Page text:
The Cool House: windows
Showing posts with label windows. Show all posts
Showing posts with label windows. Show all posts

Thursday, September 08, 2011

What now?

I love when a long renovation comes to an end, the feeing of tranquility that descends when you know you don't have to be dressed and decent at 7:30 AM, when the day will no longer be interrupted by shouts of "You did want the molding removed, didn't you?" or worse "Can you come here a minute, we may have a problem" and when all the power tools have finally been silenced. Even the mental anguish you experience knowing you went over budget despite swearing you wouldn't or the nagging feeling you overpaid for something trivial, there is, at last, a moment of peace that you, in your naivety, imagine will last forever.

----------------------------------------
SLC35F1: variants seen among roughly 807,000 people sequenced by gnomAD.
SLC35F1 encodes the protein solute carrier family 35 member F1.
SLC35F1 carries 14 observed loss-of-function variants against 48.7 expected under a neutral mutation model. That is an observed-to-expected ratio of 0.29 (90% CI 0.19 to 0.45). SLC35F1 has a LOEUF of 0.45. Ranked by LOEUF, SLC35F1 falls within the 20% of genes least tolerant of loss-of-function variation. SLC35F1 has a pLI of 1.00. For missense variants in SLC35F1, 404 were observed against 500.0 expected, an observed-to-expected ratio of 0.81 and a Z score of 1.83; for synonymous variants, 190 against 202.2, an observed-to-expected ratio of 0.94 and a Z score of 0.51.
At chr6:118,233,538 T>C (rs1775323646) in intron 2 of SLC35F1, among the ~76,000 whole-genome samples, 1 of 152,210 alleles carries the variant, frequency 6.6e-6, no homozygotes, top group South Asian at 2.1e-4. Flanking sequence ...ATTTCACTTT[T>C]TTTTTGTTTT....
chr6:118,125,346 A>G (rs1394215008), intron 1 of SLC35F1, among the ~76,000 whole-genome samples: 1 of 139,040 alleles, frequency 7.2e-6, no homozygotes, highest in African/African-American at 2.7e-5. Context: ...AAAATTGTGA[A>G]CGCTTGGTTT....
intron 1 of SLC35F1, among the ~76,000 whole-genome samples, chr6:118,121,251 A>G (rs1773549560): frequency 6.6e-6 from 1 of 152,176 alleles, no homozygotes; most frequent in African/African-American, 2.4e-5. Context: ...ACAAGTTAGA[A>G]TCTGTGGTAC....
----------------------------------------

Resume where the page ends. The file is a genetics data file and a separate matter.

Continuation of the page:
At some point, though, this security blanket of home repair denial will be rudely snatched away from you, leaving you exposed and shivering in the cold light of reality. For me it came with the trifecta of the garage door that would no longer close properly, the loose mortar on the chimney and the holes in the fence the fencing guy swore didn't need replacing because it was "good for at least two more years". We set to work. The garage door was repaired by us and when the temporary fix no longer did the trick an "expert" came to fix the problem... and caused another bigger issue that blew the motor. Needless to say the firm's promise to make good meant they ran in the opposite direction and for the whole summer we parked the car outside. But winter will be here before we know it and neither of us fancied digging the car out of a snow bank so I gave in and called another firm. The garage door was fixed without further drama and at a better price than the first guy quoted. The chimney cap blew off in the hurricane, so we locked in a date to fix that and the crumbling cement pronto, except every time the masons came to start the pointing it rained. And by rain I mean tropical storm downpours. Today they found a few hours of sunshine and got the job done. The fence? Well in a rerun of this scenario, we braced and secured the fence. I was promised two more years and I will make sure I get those last few months, if I have to stand there and hold the thing up day and night.